The American Corporation Today

By Carl Kaysen | Go to book overview

porations. Countervailing pressures from the United States are unlikely to offset the trend; and, in any case, they would only increase the tensions to which the enterprises were exposed. Only mediation through international agreement can provide a long-term response. But for the present, neither the U.S. government nor the U.S.-based multinational enterprises exhibit much desire to move in that direction.


Notes

My thanks to Kelly Corbet, Roberto Martinez, and Jeremy Tachau for their research support. I am also grateful to my coauthors and collaborators in the preparation of this volume, whose cogent comments helped sharpen various points in the presentation.

1.
James R. Hines Jr., "The Flight Paths of Migratory Corporations", Journal of Accounting, Auditing, and Finance 6, no. 4 (fall 1991): 468.
2.
World Investment Directory: Developed Countries, vol. 3, ( New York: United Nations, 1993), p. 499.
3.
World Investment Report, 1993 ( New York: United Nations, 1993), pp. 26-27 provides such data for the twenty-seven largest U.S.-based enterprises.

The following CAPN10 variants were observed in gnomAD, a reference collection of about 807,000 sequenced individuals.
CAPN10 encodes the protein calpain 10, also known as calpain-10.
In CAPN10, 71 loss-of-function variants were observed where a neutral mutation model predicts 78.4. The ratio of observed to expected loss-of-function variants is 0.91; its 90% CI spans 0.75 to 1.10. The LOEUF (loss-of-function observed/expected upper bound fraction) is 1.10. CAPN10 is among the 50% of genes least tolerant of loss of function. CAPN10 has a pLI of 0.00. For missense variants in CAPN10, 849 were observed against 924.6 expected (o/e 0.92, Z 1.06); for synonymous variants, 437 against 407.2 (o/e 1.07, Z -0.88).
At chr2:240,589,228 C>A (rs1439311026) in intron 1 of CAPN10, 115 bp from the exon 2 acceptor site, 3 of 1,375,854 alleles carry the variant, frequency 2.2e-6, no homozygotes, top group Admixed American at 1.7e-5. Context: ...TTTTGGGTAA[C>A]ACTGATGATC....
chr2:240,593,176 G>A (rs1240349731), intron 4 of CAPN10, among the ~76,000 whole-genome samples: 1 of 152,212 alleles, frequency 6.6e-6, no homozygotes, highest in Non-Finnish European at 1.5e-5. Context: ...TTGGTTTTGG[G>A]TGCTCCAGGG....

4.
The data reported here are drawn from various issues of U.S. Parent Companies and their Foreign Affiliates ( Washington, D.C.: U.S. Department of Commerce, Bureau of Economic Analysis).
5.
World Investment Report, 1993, p. 25, based on unpublished data received from the U.S. Department of Commerce.
6.
World Investment Report 1993, p. 159.
7.
World Investment Report, 1993, p. 26 and passim.
8.
See, e.g., John H. Dunning, ed., The Theory of Transnational Corporations ( New York: Routledge, 1993).
9.
Raymond Vernon, "Organizational and Institutional Responses to International Risk", in Managing International Risk, ed. Richard J. Herring ( New York: Cambridge University Press, 1983), pp. 191-216.
10.
Adolf A. Berle Jr., and Gardiner C. Means, The Modern Corporation and Private Property ( New York: Macmillan, 1935).
11.
The legal profession, however, is beginning to recognize the need for new legal doctrines that reflect the existence of the multinational enterprise. See, e.g., Phillip I. Blumberg, The Multinational Challenge to Corporate Law: The Search for a New Corporate Personality ( New York: Oxford University Press, 1993).
12.
The literature is voluminous. For a sampling, see R. J. Barnet and R. E. Müller , Global Reach ( New York: Simon and Schuster, 1974); Kari Levitt, Silent Surrender: The Multinational Corporation in Canada ( New York: St. Martin's Press, 1970); L. G. Countinbo, The Internationalization of Oligopoly Capital ( Ann Arbor,

-97-

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